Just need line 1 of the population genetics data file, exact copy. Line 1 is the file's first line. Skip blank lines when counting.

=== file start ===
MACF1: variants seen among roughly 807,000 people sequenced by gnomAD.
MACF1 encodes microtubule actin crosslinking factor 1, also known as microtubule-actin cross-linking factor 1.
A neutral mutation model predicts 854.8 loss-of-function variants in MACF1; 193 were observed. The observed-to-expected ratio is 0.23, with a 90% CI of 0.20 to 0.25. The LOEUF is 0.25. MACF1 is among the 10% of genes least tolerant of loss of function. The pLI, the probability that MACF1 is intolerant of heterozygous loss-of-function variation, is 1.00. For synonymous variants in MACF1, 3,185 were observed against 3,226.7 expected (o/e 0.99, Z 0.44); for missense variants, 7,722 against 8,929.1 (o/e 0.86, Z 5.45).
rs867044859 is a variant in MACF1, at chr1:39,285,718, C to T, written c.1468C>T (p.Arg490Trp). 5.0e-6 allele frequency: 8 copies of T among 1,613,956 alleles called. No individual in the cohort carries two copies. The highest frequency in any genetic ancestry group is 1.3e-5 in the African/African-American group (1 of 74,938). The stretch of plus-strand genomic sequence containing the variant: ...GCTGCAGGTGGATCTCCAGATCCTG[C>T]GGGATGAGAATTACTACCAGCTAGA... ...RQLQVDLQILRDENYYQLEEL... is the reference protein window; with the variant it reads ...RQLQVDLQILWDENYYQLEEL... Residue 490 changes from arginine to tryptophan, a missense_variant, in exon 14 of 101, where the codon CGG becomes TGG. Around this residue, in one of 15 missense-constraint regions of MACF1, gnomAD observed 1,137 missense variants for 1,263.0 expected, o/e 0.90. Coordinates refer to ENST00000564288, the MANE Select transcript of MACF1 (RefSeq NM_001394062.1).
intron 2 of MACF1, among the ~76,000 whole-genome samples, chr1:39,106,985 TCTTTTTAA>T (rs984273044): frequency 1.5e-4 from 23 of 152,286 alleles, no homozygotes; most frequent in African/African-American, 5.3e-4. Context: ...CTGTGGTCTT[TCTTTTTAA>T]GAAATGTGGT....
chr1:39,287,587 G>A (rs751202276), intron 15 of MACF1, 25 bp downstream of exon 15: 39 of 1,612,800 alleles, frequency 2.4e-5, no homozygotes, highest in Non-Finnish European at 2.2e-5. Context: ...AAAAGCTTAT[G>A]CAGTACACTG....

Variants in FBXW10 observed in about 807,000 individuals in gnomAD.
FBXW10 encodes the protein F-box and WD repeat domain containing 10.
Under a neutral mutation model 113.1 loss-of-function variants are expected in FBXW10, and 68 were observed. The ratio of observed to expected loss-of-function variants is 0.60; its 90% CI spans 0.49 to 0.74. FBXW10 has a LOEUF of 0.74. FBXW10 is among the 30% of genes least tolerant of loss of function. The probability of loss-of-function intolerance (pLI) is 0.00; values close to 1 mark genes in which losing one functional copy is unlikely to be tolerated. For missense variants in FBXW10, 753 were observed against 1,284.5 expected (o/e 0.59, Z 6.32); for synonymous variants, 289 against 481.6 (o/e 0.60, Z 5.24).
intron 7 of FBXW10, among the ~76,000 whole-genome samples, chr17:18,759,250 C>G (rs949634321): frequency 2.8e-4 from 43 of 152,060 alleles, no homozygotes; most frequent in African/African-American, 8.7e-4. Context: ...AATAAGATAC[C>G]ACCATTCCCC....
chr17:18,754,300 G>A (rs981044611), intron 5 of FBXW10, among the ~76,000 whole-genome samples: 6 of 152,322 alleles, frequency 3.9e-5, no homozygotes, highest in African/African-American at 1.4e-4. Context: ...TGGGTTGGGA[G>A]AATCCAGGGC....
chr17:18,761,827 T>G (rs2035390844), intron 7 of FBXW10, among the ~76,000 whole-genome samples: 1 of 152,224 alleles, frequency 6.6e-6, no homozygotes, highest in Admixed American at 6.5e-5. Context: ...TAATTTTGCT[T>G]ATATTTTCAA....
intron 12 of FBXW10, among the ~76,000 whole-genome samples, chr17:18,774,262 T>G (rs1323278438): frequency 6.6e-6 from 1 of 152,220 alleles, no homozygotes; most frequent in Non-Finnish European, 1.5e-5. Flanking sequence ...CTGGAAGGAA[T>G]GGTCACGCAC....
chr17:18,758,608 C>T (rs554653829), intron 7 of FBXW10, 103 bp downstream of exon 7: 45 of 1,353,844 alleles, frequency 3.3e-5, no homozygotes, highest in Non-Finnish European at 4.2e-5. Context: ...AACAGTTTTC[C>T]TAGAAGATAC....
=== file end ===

MACF1: variants seen among roughly 807,000 people sequenced by gnomAD.